Public health in Massachusetts has long been starved for funding. Local public health boards and their health departments play essential roles in providing basic public health services. Direct state funding is needed to expand services and improve resource sharing among the 351 local health departments in Massachusetts. The staffing and capabilities of local health departments have long been dependent on inconsistent funding from municipalities, without additional state support. Recent public health emergencies have revealed longstanding issues with the state’s public health preparedness.
Poor structural and financial support for local health departments weakens Massachusetts’ ability to respond to current and future public health crises. Increased fortification of local health will be essential amid ongoing efforts to improve health equity within the state. The current State Action for Public Health Excellence (SAPHE) bill, proposes to address these unmet needs by building on prior legislation to better balance the inequitable distribution of resources by requiring direct state funding and greater collaboration between municipalities.
Starting in 2020, Massachusetts began an optional grant program for local health departments. On their own, grants are insufficient for addressing underfunding in resource-starved communities, as the grant process can be prohibitive for understaffed health departments. Hence, we need to look for more permanent legislative solutions.
SAPHE seeks to address these issues by: (1) incentivizing shared services, (2) providing minimum standards, (3) building a state-wide public health data collection system to ensure goals are being met, and (4) guaranteeing consistent state funding. This legislation is coming before the Joint Committee on Public Health today.
In order to understand the need for funding and support for local health, we can look at two services typically handled by local health departments – disease investigation and vaccination. Both of these services were contracted out during the Covid-19 pandemic, highlighting how increased state funding and better collaboration can benefit all Massachusetts communities.
However, almost all local health departments were excluded from Massachusetts’ Covid-19 vaccine distribution plans in favor of third-party contractors.
The state supported local pandemic efforts by contracting with Partners in Health on a project called the Community Tracing Collaborative. It gave municipalities flexibility to choose from a menu of services that could include full or partial support of their local contact tracing efforts, allowing these municipalities to continue providing day-to-day public health services to their communities. The program had a bumpy start and received criticism for its cost. Yet, ultimately, it was well-received by many local communities. It provided support to a fractured and underfunded system, while allowing local communities to maintain agency in how they utilized this support.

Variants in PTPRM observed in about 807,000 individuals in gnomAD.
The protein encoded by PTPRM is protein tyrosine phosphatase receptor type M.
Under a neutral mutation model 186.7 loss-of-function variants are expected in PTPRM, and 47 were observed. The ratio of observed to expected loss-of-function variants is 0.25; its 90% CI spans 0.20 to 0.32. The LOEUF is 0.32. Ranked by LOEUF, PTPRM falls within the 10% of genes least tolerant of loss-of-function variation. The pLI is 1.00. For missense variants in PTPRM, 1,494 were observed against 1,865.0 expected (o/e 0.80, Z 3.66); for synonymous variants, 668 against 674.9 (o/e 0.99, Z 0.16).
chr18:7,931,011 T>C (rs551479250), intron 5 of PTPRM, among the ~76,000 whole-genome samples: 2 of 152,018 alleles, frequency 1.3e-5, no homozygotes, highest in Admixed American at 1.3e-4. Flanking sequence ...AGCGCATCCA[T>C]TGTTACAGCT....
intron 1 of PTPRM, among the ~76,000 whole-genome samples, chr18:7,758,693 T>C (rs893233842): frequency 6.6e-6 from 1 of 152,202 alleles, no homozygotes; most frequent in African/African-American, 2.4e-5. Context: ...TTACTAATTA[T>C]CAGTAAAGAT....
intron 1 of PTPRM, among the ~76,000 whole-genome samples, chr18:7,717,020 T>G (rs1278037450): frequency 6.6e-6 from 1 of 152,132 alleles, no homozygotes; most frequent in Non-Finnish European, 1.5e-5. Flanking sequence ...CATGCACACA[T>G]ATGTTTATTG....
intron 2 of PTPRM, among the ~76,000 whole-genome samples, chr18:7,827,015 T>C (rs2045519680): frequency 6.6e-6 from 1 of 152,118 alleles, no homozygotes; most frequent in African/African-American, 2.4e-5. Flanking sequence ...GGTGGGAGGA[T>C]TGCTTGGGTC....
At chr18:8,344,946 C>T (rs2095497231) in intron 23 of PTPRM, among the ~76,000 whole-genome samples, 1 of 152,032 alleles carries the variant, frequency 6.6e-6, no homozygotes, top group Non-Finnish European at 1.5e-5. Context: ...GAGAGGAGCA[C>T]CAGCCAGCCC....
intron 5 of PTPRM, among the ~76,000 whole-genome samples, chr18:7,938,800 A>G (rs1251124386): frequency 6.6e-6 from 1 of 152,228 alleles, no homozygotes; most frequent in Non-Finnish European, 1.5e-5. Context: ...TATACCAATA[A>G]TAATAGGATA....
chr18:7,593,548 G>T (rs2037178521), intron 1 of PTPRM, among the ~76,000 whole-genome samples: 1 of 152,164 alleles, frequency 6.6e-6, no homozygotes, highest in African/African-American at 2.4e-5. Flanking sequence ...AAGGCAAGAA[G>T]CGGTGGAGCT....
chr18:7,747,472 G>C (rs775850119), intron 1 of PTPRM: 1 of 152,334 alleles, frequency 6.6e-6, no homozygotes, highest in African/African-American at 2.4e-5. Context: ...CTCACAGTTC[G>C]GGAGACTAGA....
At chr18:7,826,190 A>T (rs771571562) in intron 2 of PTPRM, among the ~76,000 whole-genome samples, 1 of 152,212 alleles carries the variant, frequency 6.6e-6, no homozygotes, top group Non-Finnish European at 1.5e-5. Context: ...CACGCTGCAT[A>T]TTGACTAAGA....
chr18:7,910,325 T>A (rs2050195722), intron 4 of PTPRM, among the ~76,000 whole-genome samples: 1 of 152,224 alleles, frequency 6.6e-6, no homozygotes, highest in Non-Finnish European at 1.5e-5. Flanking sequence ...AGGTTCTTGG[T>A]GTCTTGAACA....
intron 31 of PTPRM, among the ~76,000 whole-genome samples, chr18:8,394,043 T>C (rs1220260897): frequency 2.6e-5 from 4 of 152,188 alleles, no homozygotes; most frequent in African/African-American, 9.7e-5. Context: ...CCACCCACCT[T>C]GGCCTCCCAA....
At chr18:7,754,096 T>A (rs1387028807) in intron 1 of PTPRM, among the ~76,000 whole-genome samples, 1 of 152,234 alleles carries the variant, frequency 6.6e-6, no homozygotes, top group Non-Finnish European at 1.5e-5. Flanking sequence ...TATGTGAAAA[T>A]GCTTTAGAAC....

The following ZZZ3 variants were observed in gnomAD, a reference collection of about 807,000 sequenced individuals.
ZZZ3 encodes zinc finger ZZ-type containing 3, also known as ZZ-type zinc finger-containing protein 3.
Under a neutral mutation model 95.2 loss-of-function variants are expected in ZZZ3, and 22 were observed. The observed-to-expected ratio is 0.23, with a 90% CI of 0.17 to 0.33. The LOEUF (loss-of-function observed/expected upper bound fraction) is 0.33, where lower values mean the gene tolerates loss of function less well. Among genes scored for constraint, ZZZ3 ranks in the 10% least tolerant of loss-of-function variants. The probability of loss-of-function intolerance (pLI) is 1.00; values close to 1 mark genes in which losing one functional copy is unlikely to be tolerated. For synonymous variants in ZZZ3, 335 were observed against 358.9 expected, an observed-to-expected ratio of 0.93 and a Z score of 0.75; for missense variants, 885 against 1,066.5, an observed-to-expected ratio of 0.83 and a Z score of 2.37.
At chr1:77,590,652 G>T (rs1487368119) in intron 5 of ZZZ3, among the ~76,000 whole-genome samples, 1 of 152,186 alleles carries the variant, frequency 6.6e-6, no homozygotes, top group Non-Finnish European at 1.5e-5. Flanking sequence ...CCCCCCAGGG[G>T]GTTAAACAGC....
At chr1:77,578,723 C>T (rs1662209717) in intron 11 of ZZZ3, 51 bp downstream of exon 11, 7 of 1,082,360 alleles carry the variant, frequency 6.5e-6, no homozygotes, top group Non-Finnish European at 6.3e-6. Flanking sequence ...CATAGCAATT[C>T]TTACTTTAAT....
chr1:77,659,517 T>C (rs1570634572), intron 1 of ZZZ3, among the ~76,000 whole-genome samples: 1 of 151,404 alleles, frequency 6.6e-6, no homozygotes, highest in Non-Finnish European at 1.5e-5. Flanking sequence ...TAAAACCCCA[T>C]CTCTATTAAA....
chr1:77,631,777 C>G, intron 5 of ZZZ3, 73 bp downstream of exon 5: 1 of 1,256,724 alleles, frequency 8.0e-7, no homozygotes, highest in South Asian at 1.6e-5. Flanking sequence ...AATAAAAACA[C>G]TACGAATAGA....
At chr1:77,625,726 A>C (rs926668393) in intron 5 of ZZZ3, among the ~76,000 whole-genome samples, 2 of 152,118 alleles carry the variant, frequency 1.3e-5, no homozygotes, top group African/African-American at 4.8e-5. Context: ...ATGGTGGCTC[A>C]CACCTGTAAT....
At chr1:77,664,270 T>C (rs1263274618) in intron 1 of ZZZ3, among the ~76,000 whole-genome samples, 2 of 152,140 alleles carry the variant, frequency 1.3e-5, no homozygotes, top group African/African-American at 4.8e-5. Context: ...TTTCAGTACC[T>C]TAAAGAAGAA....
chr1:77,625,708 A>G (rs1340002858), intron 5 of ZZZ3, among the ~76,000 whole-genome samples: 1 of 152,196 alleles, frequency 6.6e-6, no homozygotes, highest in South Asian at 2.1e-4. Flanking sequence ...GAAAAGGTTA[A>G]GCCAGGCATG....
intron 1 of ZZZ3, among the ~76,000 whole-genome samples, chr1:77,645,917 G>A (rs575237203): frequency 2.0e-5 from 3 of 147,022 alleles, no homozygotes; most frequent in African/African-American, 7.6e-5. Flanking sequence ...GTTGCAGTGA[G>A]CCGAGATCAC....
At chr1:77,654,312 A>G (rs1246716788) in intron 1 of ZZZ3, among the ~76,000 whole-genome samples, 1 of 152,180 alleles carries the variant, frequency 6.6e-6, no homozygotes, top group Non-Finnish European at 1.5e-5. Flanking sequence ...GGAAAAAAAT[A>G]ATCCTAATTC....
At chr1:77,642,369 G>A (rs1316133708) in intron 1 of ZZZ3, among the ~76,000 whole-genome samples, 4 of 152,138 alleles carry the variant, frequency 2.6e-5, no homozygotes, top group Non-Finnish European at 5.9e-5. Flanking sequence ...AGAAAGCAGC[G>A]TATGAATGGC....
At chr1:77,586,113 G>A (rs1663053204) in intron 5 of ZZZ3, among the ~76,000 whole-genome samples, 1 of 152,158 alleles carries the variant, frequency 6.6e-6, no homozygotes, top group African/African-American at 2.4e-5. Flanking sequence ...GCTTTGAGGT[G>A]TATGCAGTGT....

Early on in the Covid-19 vaccine distribution process, the state made the decision not to use local health departments and instead contracted with private companies. This decision surprised many advocates. Massachusetts’ public health emergency preparedness plans have included local health departments in vaccine distribution since their development in response to 9/11 and the 2001 anthrax attacks. During flu season, we see such plans implemented annually through the use of municipal vaccination clinics. However, almost all local health departments were excluded from Massachusetts’ Covid-19 vaccine distribution plans in favor of third-party contractors.
This decision resulted in many local health departments not being included in the distribution of vaccines, despite being uniquely situated with the knowledge and capabilities to reach the most vulnerable populations. On May 3, 2021, the state announced that mass vaccination sites will be closing throughout Massachusetts in the coming months. What remains unclear is how this shift will impact local health. While local health has long sought to be involved in the vaccine distribution process, the failure to integrate state and local efforts early on in the pandemic response highlights the need for greater funding, support, and collaboration between the state’s executive branch, the Massachusetts Department of Public Health and local health departments.
The consequences of Massachusetts’ decades-long failure to invest in local health departments became clear during the Covid-19 pandemic. New funding streams and greater collaboration are needed. Even in non-emergency situations, local health departments need to be well-supported, as they play an integral role in maintaining healthy communities. Investment in public health, now, is an investment in the future health of our communities.
Update from the authors: The legislation received bipartisan support from members when it was before the Joint Committee on Public Health on May 10, 2021. (Discussion begins at the 8:55 mark in the recorded video.) There is more work to be done, as the Joint Committee on Public Health will likely meet again to review language of the bill. If SAPHE is reported favorably out of committee, it can continue through the legislative process for a full vote. Support from the public in the form of outreach to your representative and senator is crucial at every step.
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